The General Services Administration awarded Smartronix of Hollywood, Md., an $18 million deal to help government better track stimulus funds.
The General Services Administration announced on Wednesday that Smartronix, Inc. was awarded an $18 million contract to redesign Recovery.gov, the federal Web site that tracks stimulus funds.
GSA awarded the contract, which has an initial value of $9.5 million through January 2010, to the Hollywood, Md., technology firm on behalf of the Recovery Accountability and Transparency Board. The board is responsible for overseeing funds from the 2009 American Recovery and Reinvestment Act. If all options are exercised through January 2014, the total task order value could reach $18 million.
"Recovery.gov 2.0 will use innovative and interactive technologies to help taxpayers see where their dollars are being spent," said James A. Williams, commissioner of GSA's Federal Acquisition Service. "Armed with easy access to this information, taxpayers can make government more accountable for its decisions."
Under the contract, Smartronix is expected to provide the Recovery Board with a dynamic Web site that will allow the public to track exactly how stimulus funds are spent. Recovery Board spokesman Ed Pound emphasized that the contract involves much more than simply redesigning the Web site and includes building an online infrastructure that can interface with the system that the Environmental Protection Agency uses for reporting and collecting stimulus data.
Smartronix also will be responsible for hosting and maintaining the site, which must be up and running by Oct. 10, the first deadline for recipients to file reports on the use of stimulus funds. The company did not respond on Thursday to a request for comment. Records of campaign donors show Smartronix executives have given $19,000 to House Majority Leader Steny Hoyer, D-Md., since 1999, but the lawmaker's office said Hoyer did not know anything about the contract, and the office was informed about the award only Tuesday night.
"This is a very high-risk venture we're involved in here, given the time constraints. No question about it," Pound said. "We're really committed to doing this right. There are going to be bumps along the road, but we do have a plan, are executing it and feel comfortable with what we're doing. We know what our job is: to get this information to the public and we're going to do that."
Pound said Recovery.gov will allow the public to track stimulus funds down to the last dollar, and follow information on loan and grant recipients. That information is not currently offered on the federal transparency site USASpending.gov, which focuses on contract data.
"Other sites have done certain things, but no one's doing what we're doing. We're going to track every dollar from the prime recipient down to the subrecipient," Pound said, adding Recovery Board Chairman Earl Devaney has managed to procure enough technical personnel from other agencies to ensure the board is comfortable with its level of in-house technical expertise.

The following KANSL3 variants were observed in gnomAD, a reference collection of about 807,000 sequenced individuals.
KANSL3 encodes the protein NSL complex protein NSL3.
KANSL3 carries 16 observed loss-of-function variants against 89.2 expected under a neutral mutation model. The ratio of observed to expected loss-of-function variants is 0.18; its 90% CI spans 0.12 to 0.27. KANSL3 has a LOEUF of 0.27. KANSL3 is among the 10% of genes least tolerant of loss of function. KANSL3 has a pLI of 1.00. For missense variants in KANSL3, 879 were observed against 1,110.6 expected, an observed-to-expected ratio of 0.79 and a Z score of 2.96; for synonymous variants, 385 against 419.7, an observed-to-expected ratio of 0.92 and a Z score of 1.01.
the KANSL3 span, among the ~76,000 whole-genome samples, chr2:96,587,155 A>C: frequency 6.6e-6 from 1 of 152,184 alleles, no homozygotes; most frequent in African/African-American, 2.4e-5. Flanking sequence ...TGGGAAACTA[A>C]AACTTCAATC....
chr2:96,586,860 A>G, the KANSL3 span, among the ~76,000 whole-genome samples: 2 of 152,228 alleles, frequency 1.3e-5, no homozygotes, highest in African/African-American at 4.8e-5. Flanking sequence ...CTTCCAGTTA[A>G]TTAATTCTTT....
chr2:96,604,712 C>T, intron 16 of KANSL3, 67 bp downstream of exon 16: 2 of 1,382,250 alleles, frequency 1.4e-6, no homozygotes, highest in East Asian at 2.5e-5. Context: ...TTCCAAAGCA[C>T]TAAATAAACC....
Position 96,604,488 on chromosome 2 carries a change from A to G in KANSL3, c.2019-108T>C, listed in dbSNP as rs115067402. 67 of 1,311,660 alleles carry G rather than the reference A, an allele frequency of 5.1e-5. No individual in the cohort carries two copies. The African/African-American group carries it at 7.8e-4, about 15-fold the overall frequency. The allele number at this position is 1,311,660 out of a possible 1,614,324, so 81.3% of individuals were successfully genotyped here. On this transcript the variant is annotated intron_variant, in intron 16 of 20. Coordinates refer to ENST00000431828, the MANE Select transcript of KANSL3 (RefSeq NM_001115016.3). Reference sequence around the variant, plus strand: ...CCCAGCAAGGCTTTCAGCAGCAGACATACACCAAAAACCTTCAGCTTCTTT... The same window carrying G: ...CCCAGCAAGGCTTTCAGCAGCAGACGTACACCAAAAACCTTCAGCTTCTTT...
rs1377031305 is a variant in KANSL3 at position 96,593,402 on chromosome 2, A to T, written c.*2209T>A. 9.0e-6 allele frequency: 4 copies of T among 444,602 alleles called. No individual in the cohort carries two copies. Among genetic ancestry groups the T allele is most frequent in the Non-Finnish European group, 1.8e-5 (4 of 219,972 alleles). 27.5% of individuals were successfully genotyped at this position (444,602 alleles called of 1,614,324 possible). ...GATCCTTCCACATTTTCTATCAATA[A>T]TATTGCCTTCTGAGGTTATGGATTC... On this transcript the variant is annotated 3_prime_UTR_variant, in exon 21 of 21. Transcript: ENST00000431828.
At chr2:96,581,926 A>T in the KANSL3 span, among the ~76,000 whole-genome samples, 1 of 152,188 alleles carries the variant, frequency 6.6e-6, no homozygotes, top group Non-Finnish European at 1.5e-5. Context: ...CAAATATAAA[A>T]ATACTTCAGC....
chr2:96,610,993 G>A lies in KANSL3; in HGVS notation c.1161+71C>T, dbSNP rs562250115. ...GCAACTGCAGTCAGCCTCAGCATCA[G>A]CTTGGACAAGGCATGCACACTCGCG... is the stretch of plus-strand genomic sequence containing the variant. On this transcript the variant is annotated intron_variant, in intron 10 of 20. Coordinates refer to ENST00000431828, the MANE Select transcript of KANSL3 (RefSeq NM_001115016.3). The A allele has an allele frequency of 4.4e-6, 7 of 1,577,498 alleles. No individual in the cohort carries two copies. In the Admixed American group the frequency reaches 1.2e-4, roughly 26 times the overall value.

The Smartronix contract is the first award on GSA's Alliant vehicle, which was won in March one year after a protest derailed the original awards. Some open government advocates criticized GSA for limiting its solicitation to the 59 vendors on the Alliant contract. GSA received three bids and chose Smartronix.
"What we want is to make this process more open to people," said Clay Johnson, director of Sunlight Labs at the Sunlight Foundation, a nonprofit group dedicated to increasing government transparency. "There's lots of good technology not offered by these 59 companies that does not reach the government, even though it's cheaper, better and faster."
Johnson said his organization's top priority for Recovery.gov is ensuring that the raw reporting data is available to the public in a machine-readable format. He said this is crucial because media and private sector Web sites will always have more readers and resources than those operated by the government.
"The real transparency is the bulk data and it's something they [Recovery Board] can do quickly," Johnson said.
The Recovery Board has already announced that the public will have access to the same machine-readable data that the board will use to update the site.
"We will post it almost as soon as we get it. We get it on [Oct.] 10 and the law allows 20 days, but we're not waiting 20 days," Pound said. "We're going to post it, it will be raw data with errors, but at some point along the line the recipients -- not the agencies -- will have to control the errors, hopefully, within the 20-day window."
Pound said Devaney hopes that by making the stimulus funds easy to track from top to bottom, he can enlist the American public to help him uncover any fraud and abuse.
"Earl came up with the phrase 'citizen inspector general' -- that there will be millions of citizen IGs who will help us uncover stuff," Pound said. "When the local mayor's brother-in-law gets a contract, how would an IG know? We look at the American people as partners in this."